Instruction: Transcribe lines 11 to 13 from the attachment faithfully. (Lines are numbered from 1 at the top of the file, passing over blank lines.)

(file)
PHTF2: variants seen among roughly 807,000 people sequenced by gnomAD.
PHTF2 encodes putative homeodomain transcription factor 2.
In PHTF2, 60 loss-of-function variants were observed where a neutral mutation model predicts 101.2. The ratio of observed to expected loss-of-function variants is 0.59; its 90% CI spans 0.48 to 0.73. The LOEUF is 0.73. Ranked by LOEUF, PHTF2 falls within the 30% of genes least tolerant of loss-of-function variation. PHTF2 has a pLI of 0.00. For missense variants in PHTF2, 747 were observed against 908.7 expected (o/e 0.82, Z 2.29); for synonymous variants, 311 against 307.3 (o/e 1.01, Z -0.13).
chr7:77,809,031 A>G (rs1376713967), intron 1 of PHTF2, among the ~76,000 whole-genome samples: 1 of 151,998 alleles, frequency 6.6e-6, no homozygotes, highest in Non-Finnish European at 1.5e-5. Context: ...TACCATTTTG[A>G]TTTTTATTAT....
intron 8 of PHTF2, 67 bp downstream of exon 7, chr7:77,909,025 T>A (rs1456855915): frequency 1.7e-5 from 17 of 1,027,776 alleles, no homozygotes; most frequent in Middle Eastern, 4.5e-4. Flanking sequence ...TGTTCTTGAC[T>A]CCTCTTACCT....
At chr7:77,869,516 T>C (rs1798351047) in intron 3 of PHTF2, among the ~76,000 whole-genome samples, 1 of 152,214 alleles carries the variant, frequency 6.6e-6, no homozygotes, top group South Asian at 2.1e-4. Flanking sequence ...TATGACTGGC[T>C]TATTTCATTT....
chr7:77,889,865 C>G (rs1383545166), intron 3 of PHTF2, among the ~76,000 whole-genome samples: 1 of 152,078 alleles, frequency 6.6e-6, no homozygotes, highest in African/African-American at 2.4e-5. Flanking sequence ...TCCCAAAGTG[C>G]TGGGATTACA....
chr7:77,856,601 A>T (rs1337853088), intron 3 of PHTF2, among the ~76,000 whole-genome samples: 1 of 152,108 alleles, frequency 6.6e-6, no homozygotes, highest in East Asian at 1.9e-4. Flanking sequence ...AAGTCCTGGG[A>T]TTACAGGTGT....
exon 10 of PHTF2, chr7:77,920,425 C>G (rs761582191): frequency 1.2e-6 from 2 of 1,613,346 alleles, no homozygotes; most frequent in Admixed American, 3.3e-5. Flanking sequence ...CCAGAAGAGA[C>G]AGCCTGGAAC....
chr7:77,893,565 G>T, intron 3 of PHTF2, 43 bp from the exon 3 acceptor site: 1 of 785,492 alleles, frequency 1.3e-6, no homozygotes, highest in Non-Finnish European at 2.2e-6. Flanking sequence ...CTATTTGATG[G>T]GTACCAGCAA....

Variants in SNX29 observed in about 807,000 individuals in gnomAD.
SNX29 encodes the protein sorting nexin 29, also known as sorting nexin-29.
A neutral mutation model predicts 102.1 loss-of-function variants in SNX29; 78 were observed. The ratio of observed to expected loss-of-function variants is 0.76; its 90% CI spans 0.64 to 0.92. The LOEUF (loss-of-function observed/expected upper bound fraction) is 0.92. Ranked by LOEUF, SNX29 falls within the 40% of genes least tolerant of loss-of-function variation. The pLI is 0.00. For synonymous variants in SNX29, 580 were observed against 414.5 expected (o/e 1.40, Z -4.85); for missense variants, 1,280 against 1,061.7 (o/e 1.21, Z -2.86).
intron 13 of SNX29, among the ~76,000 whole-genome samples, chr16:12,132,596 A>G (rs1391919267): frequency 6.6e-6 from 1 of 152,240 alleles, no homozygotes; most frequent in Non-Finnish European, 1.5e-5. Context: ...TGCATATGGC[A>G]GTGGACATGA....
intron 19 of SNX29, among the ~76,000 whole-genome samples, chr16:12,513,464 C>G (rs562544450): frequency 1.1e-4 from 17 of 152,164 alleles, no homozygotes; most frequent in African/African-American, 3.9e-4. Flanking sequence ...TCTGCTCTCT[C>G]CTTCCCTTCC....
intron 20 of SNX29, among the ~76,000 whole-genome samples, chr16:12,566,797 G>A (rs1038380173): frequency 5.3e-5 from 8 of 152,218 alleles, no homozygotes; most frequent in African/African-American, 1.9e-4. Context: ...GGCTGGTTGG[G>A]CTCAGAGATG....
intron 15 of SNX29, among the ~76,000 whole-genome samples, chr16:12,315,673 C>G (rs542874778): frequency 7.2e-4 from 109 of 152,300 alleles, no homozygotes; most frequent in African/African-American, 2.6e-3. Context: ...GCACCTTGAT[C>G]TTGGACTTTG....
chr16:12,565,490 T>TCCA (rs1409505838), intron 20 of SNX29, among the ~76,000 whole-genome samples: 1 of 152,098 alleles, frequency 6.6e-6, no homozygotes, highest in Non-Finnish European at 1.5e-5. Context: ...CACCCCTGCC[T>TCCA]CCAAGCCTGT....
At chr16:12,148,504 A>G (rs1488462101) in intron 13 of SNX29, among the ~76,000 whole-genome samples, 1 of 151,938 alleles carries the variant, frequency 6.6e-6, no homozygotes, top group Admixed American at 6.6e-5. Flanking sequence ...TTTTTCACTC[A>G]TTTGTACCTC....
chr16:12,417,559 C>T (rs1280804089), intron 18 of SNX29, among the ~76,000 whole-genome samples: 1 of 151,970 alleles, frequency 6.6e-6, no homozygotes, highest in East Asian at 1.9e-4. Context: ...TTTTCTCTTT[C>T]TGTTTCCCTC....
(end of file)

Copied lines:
Variants in SNX29 observed in about 807,000 individuals in gnomAD.
SNX29 encodes the protein sorting nexin 29, also known as sorting nexin-29.
A neutral mutation model predicts 102.1 loss-of-function variants in SNX29; 78 were observed. The ratio of observed to expected loss-of-function variants is 0.76; its 90% CI spans 0.64 to 0.92. The LOEUF (loss-of-function observed/expected upper bound fraction) is 0.92. Ranked by LOEUF, SNX29 falls within the 40% of genes least tolerant of loss-of-function variation. The pLI is 0.00. For synonymous variants in SNX29, 580 were observed against 414.5 expected (o/e 1.40, Z -4.85); for missense variants, 1,280 against 1,061.7 (o/e 1.21, Z -2.86).